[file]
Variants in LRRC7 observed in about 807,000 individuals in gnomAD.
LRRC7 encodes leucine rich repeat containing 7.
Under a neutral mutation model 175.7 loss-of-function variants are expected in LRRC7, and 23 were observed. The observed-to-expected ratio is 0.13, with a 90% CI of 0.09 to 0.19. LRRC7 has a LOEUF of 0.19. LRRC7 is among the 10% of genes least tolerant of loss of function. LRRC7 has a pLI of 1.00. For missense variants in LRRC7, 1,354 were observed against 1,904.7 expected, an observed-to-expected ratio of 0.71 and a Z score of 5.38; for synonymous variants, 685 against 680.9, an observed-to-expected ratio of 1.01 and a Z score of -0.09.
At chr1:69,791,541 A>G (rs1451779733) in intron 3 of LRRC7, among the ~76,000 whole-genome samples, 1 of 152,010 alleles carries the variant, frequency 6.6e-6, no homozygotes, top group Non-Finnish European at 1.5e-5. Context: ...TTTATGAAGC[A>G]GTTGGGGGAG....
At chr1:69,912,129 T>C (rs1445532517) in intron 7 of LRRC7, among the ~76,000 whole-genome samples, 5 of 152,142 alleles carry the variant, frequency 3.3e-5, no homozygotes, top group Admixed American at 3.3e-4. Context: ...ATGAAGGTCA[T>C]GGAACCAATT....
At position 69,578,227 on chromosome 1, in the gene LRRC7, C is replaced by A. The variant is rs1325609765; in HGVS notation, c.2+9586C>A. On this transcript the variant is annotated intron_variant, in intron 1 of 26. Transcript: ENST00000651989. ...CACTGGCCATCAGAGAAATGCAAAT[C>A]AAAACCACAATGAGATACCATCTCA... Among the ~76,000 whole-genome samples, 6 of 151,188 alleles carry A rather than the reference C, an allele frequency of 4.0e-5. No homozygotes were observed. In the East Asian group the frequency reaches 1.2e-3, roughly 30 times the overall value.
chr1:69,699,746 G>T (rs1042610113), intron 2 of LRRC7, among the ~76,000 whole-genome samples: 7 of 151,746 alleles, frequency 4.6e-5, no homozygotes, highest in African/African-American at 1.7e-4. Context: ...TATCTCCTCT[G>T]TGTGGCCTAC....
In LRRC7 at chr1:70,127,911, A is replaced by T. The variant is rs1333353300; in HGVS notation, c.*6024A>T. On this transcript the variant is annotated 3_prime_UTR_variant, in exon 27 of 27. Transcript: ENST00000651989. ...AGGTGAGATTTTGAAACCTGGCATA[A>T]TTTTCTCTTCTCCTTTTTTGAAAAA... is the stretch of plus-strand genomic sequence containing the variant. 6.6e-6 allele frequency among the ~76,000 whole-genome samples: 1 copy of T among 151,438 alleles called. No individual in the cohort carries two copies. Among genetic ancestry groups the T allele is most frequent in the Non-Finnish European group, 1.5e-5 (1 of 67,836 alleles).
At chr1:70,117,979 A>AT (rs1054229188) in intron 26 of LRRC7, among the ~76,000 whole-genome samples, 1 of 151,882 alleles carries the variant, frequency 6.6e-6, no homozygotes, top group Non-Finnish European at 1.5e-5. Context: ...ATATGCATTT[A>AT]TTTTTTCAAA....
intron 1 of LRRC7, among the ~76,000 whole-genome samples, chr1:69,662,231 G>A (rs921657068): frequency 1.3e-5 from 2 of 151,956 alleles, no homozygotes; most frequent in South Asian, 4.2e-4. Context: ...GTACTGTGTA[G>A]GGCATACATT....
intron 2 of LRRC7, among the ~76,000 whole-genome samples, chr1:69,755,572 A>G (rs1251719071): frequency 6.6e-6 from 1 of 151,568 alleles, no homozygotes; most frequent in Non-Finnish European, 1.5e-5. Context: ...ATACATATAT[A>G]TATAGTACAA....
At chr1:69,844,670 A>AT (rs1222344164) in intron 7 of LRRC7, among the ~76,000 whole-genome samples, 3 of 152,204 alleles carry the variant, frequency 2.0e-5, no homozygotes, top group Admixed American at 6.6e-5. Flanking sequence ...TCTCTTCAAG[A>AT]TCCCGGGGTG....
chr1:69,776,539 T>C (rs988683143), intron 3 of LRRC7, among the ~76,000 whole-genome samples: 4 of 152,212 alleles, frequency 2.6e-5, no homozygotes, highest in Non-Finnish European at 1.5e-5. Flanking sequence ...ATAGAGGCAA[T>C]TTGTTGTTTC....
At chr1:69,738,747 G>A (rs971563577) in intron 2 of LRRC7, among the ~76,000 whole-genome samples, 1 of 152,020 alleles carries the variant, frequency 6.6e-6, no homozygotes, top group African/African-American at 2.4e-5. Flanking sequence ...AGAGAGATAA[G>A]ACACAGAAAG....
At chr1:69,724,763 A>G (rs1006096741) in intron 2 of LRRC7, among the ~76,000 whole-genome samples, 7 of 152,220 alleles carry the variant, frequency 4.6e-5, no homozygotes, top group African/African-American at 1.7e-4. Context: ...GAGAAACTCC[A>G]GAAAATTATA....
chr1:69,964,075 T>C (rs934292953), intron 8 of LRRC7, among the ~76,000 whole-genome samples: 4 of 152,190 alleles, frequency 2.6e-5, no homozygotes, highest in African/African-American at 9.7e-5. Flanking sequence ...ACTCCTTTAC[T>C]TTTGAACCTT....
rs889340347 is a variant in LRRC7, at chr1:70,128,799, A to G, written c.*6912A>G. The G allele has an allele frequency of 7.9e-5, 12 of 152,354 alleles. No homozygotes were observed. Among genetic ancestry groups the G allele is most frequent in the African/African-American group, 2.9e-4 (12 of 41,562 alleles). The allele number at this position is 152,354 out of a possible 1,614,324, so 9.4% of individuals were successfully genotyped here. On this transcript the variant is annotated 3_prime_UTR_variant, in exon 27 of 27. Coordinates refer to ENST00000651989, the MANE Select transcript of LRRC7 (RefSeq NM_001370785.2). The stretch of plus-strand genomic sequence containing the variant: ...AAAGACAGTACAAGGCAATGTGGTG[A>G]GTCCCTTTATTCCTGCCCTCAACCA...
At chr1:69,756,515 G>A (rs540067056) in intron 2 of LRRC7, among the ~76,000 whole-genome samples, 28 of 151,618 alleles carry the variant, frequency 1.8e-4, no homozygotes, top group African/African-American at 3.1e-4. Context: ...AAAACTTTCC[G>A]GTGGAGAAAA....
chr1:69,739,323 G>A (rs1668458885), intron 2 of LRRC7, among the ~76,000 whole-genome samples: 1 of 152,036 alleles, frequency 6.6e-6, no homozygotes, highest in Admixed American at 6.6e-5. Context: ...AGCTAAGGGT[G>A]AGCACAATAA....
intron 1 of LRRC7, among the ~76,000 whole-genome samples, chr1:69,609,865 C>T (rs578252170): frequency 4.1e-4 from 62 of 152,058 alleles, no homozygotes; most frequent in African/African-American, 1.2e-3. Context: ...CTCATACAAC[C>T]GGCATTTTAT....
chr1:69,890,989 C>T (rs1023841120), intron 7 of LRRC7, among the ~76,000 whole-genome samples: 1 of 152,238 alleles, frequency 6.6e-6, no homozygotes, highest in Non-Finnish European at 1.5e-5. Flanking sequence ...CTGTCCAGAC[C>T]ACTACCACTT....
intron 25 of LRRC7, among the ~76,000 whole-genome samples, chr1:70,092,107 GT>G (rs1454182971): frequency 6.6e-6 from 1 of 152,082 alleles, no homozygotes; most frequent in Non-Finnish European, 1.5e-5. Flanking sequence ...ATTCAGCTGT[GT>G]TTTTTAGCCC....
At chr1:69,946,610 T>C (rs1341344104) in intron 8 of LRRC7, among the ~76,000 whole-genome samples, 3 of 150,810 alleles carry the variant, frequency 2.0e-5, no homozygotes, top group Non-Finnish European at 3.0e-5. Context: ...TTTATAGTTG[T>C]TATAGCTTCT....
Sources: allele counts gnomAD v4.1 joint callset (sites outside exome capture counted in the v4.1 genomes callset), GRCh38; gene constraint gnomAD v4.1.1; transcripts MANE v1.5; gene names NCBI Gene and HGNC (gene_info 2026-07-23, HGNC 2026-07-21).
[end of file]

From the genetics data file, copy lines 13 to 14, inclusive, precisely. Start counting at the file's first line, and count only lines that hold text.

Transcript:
chr1:69,776,539 T>C (rs988683143), intron 3 of LRRC7, among the ~76,000 whole-genome samples: 4 of 152,212 alleles, frequency 2.6e-5, no homozygotes, highest in Non-Finnish European at 1.5e-5. Flanking sequence ...ATAGAGGCAA[T>C]TTGTTGTTTC....
At chr1:69,738,747 G>A (rs971563577) in intron 2 of LRRC7, among the ~76,000 whole-genome samples, 1 of 152,020 alleles carries the variant, frequency 6.6e-6, no homozygotes, top group African/African-American at 2.4e-5. Flanking sequence ...AGAGAGATAA[G>A]ACACAGAAAG....